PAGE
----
The new pride of Tampa
Plant High's football team gets another day to glory in its first championship.
By Alexandra Zayas
Published December 12, 2006
TAMPA - It was the first day back at H.B. Plant High School after the football team won its only state championship in history.
Monday afternoon, the band played, the cheerleaders ruffled black and gold pompoms, students packed the stands and the football players gathered on the home field for recognition.
And 8-year-old Bryan Bartlett clutched a black marker, collecting autographs. Bryan's dreams of one day playing football for his big brother's school were only magnified after Saturday's suspenseful game and last-minute touchdown for a 25-21 victory.
"It was exciting and scary," Bryan said.
Bryan stopped senior offensive guard Brian Bennett just before the pep rally started and asked him to sign the back of his T-shirt.
Bennett doesn't have the most glamorous position on the team. He blocks. "That was my first autograph ever. It felt awesome," he said, and grinned as he followed his teammates onto the field.
The crowd roared.
Mayor Pam Iorio proclaimed the day Plant High Panthers Day. She called Saturday's victory her "proudest moment" as a mayor. National Football Foundation officials called coach Robert Weiner "the man that turned Plant High Football around," and gave him his second coach of the year award.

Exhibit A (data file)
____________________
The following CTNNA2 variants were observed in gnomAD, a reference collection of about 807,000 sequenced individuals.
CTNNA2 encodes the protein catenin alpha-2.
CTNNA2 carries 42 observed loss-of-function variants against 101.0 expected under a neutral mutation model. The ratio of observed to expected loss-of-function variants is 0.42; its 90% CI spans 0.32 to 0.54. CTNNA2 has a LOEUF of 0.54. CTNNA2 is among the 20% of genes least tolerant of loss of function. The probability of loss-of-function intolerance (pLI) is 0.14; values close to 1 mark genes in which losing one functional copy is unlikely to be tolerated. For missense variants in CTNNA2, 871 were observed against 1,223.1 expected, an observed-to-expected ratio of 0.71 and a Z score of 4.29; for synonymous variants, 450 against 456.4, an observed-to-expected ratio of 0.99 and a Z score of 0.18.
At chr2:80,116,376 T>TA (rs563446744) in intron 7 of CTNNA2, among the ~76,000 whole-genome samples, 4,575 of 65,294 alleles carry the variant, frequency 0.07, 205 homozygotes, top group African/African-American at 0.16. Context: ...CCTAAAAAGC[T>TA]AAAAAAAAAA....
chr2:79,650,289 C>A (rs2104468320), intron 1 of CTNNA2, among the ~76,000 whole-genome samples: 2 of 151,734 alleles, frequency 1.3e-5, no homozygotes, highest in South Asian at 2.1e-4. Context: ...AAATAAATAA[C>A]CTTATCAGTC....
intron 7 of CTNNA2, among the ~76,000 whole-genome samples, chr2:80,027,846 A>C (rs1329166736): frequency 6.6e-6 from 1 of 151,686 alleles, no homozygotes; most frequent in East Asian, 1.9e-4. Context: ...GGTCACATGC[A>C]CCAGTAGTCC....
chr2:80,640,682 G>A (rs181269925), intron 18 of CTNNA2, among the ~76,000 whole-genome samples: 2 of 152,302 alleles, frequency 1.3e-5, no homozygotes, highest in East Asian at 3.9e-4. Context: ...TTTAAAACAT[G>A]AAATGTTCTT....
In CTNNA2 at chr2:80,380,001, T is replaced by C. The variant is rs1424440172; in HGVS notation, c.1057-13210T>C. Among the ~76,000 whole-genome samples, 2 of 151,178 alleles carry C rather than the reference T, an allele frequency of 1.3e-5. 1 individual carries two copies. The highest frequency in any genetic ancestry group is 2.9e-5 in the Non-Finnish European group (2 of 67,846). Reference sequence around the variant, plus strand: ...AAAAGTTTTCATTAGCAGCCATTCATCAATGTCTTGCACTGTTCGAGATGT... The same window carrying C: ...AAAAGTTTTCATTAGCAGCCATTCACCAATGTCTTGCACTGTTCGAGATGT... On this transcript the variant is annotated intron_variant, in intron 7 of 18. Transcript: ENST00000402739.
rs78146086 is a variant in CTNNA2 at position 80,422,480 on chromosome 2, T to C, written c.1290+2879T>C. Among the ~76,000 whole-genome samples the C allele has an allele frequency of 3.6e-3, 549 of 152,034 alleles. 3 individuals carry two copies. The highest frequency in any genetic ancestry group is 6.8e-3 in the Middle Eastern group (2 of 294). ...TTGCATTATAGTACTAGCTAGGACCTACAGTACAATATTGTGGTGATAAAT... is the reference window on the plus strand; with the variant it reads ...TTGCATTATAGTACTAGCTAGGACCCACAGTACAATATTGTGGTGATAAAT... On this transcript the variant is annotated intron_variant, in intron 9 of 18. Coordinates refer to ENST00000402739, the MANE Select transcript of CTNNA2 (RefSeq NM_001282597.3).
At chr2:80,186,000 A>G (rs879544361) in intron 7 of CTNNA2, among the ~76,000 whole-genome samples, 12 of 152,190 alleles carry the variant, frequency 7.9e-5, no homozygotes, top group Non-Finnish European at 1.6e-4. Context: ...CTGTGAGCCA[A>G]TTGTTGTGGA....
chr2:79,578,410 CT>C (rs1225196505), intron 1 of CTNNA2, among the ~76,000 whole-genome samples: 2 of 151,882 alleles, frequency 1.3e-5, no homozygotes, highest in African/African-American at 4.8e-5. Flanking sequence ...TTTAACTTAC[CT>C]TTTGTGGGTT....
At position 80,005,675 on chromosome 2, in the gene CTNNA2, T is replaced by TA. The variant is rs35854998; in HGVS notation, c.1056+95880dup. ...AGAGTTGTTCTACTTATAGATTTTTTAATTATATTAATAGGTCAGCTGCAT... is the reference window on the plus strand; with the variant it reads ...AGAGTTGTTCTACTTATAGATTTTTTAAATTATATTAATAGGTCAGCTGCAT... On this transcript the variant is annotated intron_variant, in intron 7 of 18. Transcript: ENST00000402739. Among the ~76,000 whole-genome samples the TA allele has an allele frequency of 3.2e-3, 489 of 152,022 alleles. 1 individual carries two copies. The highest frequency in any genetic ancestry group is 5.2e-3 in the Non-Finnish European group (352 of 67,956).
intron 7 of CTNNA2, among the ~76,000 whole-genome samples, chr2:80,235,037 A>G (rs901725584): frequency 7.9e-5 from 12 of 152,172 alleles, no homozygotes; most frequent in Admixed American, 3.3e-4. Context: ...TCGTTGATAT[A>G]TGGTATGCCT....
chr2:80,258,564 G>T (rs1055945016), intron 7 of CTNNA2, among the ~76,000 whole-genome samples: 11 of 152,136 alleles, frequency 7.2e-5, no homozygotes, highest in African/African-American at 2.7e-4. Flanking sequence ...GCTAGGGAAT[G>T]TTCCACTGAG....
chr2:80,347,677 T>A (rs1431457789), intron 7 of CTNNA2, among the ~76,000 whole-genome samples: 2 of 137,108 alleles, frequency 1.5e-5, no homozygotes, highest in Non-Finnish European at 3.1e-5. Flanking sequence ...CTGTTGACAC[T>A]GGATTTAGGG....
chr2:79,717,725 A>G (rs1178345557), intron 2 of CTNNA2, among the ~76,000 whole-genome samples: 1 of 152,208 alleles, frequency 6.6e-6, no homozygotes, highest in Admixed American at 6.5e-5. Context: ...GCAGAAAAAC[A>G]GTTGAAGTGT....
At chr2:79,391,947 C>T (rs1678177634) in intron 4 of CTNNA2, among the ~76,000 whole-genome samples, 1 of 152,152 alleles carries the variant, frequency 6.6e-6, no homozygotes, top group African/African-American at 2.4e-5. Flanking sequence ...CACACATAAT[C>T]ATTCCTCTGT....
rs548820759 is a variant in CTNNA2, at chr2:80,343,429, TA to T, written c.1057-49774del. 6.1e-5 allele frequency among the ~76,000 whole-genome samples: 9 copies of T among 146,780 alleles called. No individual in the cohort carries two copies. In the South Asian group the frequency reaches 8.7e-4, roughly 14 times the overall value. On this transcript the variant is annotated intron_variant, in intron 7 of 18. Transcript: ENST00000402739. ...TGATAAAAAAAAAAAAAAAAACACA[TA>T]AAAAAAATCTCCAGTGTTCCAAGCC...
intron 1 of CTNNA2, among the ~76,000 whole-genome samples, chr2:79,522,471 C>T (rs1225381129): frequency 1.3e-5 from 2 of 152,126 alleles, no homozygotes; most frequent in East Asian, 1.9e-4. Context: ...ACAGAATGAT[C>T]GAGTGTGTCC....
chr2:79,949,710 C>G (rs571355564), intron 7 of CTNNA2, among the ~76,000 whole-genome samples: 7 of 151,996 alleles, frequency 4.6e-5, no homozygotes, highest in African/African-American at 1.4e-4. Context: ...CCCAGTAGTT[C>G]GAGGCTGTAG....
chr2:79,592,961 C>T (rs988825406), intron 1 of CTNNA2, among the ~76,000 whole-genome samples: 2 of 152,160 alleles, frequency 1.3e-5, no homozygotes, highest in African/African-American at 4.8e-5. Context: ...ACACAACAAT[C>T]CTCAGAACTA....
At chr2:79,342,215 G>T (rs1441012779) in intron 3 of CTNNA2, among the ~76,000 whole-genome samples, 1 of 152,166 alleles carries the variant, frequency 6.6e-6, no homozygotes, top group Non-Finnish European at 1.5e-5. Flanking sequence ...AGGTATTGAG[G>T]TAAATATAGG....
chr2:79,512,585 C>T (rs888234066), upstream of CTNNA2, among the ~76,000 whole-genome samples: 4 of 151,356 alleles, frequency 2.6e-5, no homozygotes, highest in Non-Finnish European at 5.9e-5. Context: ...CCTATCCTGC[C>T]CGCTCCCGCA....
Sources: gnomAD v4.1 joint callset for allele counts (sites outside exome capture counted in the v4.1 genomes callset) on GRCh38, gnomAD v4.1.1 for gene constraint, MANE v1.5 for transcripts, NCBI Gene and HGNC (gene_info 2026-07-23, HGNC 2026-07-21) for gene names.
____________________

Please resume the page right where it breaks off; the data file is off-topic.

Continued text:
"We have state champions all over the school. They're not all just on the field," he said. "We're talking about a state championship for South Tampa."
Moms took pictures. Alums remembered the alma mater. And students poured out into the parking lot when the school day was over, honking and hollering in cars painted with Panther paws. They drove down Dale Mabry Highway, past business marquees that said "Go Plant."
But Bryan didn't have enough autographs. He stopped senior receiver Thompson Brandes, who is still amazed by the attention.
"When we came back at 1 a.m. Sunday, people stayed up late to greet us," Brandes said. "The parking lot was full of cars."
Brandes once dreamed of playing for Plant, when he was a kid like Bryan who played backyard football with his friends. Now, many of them are on his championship team, like the redheaded Martin brothers.
Cam Martin is a senior, but Luke still has a year left. Does he think his team will make history repeat itself next year?
"I'm pretty sure we can," Luke Martin said.
Alexandra Zayas can be reached at 226-3354 or firstname.lastname@example.org.